A district judge is worried that lifting a court order to obtain pregnancy tests at the Planned Parenthood clinic in Storm Lake would give the public the idea that his orders "were grossly wrong" in the first place.
"Planned Parenthood will immediately claim that they have a total victory here... that I don't know what I'm doing," Judge Frank Nelson said.
Buena Vista County Attorney Phil Havens asked Nelson to lift court orders for pregnancy tests because he feared an endless and expensive court battle.
"I decided in my own mind it was not productive to continue," Havens said.
Investigators wanted the records to help solve the case of a newborn boy whose body was found at the county recycling center in May. The orders launched an unprecedented court battle pitting government against privacy rights, and a controversy that drew headlines all over the country.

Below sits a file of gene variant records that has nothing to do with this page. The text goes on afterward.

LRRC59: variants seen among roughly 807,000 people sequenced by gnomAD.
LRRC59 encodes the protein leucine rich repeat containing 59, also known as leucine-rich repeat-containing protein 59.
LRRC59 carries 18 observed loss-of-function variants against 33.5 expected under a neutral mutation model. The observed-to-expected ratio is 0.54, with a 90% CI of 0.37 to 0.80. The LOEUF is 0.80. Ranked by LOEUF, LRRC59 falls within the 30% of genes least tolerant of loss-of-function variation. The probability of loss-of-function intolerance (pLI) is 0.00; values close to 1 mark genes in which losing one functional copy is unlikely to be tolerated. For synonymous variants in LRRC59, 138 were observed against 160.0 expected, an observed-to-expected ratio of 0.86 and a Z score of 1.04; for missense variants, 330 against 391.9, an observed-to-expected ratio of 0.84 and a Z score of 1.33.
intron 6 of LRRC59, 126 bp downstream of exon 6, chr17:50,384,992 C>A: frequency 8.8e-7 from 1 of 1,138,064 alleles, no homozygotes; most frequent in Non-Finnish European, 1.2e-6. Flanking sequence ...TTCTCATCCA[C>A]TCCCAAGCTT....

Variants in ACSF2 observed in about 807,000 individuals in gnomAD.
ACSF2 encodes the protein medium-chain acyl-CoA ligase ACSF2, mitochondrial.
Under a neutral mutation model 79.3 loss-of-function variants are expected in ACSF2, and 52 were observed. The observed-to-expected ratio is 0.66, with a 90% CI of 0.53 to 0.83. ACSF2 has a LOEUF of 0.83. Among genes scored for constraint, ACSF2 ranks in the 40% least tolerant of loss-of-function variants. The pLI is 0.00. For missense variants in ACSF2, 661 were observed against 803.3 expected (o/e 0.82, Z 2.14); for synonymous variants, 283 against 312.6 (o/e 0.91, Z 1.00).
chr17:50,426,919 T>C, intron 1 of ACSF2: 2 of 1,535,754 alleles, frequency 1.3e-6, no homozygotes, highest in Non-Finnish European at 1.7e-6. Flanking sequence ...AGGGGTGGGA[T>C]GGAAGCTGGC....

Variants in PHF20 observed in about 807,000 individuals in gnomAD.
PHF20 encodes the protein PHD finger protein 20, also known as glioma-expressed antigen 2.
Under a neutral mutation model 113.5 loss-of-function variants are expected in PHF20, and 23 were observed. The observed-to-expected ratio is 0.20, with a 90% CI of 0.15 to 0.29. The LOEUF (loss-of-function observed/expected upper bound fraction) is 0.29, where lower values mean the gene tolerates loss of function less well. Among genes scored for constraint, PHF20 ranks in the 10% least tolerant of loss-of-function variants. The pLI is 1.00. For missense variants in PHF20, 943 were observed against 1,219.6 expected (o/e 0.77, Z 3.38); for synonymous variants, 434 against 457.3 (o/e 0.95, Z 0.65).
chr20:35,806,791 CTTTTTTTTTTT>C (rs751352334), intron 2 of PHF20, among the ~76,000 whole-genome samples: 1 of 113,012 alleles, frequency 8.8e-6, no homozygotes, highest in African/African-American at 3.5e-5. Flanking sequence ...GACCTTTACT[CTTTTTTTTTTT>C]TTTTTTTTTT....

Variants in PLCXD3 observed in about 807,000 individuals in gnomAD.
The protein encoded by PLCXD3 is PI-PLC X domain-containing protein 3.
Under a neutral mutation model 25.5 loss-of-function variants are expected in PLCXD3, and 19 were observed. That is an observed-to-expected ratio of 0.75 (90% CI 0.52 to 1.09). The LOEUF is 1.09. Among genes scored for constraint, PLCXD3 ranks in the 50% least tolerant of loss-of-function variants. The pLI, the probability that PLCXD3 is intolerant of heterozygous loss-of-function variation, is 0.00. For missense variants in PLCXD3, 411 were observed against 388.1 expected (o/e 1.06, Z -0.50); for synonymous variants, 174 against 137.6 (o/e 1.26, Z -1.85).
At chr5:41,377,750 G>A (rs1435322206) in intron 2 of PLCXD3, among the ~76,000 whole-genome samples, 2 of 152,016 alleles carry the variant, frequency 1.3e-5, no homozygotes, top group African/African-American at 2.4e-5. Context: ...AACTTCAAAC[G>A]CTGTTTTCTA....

The Supreme Court was set to hear the case but sent it back to the lower court after the county attorney asked that the orders be lifted last week.
Mark McCormick, Planned Parenthood's attorney, said the court orders could be destroyed "without any implication about whether they were right or wrong in their merits."
The judge disagrees.
"Rulings mean nothing to the newspaper," Nelson said at a hearing. "They'll publish what they get from Planned Parenthood, and that's going to be that I made a grave mistake and I'm now backing away from my decisions."
McCormick suggests that publicity is not the issue.
"I don't think courts make rulings out of concern for what newspapers will say," he said at the hearing. "All I can suggest, Judge, is that we're making strictly a legal argument."
McCormick also asked the judge to dissolve the court orders to prevent prosecutors from using them in the future. Havens said his request assures Planned Parenthood officials that he won't pursue the test results again.
Nelson is expected to rule as soon as this week.